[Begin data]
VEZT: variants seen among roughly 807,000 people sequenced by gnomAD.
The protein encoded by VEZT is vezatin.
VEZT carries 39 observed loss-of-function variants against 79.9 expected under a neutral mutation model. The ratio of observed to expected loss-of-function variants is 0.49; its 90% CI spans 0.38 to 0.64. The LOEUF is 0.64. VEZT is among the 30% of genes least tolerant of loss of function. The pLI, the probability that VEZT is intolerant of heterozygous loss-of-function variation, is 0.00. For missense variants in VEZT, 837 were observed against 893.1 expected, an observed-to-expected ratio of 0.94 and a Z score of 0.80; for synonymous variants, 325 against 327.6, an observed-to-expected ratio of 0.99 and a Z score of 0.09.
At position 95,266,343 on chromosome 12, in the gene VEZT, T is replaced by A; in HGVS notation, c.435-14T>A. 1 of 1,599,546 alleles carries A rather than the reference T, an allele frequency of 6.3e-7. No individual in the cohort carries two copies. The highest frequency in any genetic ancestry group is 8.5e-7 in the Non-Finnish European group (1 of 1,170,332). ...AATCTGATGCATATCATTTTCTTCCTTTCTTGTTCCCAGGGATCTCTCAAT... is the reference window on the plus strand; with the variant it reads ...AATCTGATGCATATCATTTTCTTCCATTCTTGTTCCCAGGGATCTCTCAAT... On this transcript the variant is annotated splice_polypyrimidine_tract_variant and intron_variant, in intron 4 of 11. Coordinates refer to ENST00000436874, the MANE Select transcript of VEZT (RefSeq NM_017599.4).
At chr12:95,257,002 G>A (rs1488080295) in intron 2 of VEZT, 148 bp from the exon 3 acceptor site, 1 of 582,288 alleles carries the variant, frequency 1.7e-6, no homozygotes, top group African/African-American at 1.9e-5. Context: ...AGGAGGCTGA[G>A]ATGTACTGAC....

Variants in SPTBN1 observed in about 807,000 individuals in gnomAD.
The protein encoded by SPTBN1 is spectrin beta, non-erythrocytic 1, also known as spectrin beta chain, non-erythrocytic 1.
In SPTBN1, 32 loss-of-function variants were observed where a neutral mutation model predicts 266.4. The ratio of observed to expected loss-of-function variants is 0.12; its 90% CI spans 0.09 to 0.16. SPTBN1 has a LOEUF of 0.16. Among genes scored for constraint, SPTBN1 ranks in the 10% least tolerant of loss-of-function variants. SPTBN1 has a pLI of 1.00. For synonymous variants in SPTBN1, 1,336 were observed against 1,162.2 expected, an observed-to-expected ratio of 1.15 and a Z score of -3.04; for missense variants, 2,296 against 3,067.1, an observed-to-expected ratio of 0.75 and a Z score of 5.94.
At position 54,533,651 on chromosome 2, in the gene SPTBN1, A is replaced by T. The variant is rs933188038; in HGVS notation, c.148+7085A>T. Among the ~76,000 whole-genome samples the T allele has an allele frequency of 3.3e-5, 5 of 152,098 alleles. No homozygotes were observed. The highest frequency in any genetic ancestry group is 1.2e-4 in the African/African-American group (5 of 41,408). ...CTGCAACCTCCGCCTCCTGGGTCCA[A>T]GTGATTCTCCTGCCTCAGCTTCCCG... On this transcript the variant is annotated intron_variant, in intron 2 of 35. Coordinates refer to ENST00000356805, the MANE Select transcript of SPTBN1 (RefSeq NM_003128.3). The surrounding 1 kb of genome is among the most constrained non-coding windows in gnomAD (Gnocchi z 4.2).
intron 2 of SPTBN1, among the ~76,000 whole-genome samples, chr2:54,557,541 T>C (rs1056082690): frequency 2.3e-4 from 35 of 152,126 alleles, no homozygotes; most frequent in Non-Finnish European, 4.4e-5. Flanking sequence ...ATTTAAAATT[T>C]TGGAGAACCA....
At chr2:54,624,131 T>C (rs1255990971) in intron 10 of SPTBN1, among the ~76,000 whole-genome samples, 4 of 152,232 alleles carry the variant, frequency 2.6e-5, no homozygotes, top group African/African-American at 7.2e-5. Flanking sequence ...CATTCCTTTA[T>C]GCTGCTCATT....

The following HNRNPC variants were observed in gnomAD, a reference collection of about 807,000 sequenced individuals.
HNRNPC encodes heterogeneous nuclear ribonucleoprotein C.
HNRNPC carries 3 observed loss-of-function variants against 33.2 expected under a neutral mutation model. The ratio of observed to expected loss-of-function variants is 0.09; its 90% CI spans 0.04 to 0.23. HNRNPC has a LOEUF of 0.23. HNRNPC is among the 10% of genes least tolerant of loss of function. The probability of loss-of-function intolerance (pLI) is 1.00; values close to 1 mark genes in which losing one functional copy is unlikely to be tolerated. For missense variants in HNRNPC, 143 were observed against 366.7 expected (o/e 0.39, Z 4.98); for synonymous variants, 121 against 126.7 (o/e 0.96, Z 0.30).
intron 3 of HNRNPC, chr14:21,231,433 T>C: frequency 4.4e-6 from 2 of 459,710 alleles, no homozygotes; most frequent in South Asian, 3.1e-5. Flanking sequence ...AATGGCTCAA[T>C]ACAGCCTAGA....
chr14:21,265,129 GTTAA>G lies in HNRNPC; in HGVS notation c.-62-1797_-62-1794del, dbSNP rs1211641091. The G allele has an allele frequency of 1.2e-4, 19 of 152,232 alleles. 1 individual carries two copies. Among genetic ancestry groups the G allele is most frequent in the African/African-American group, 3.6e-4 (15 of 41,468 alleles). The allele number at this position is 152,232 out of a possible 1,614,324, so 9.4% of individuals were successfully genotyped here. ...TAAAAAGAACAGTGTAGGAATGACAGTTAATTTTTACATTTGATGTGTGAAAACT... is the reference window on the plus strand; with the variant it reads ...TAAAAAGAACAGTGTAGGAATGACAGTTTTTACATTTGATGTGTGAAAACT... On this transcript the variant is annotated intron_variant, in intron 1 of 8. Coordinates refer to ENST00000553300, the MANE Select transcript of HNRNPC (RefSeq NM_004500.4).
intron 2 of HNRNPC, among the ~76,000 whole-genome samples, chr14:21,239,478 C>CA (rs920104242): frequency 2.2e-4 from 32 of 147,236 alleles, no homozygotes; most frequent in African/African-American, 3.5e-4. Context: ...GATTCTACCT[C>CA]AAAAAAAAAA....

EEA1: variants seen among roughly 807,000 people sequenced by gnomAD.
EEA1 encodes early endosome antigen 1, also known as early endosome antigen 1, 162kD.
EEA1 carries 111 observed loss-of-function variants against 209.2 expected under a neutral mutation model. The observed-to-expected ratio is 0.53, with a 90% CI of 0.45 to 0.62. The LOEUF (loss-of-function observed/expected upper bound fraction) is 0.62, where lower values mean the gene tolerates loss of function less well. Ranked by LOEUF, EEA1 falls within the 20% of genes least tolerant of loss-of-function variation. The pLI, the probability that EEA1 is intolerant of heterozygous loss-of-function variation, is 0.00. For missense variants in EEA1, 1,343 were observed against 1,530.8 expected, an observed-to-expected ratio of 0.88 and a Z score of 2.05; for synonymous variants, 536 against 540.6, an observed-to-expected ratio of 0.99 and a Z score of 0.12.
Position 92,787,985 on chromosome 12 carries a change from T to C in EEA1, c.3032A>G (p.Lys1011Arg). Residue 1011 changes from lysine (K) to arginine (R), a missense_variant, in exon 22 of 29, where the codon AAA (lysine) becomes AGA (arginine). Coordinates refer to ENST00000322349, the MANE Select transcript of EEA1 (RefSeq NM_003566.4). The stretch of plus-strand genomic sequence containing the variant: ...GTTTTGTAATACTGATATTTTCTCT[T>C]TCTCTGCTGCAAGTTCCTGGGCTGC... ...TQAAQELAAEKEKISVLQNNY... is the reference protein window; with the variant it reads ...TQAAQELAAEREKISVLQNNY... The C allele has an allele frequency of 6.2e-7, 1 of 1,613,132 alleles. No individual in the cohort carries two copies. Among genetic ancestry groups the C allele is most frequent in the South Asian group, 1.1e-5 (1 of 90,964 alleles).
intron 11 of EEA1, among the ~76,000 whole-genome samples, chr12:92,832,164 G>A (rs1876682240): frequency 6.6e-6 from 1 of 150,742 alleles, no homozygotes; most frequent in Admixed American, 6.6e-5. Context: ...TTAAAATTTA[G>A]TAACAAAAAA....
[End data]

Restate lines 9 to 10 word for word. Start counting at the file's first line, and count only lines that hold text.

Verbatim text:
At position 54,533,651 on chromosome 2, in the gene SPTBN1, A is replaced by T. The variant is rs933188038; in HGVS notation, c.148+7085A>T. Among the ~76,000 whole-genome samples the T allele has an allele frequency of 3.3e-5, 5 of 152,098 alleles. No homozygotes were observed. The highest frequency in any genetic ancestry group is 1.2e-4 in the African/African-American group (5 of 41,408). ...CTGCAACCTCCGCCTCCTGGGTCCA[A>T]GTGATTCTCCTGCCTCAGCTTCCCG... On this transcript the variant is annotated intron_variant, in intron 2 of 35. Coordinates refer to ENST00000356805, the MANE Select transcript of SPTBN1 (RefSeq NM_003128.3). The surrounding 1 kb of genome is among the most constrained non-coding windows in gnomAD (Gnocchi z 4.2).
intron 2 of SPTBN1, among the ~76,000 whole-genome samples, chr2:54,557,541 T>C (rs1056082690): frequency 2.3e-4 from 35 of 152,126 alleles, no homozygotes; most frequent in Non-Finnish European, 4.4e-5. Flanking sequence ...ATTTAAAATT[T>C]TGGAGAACCA....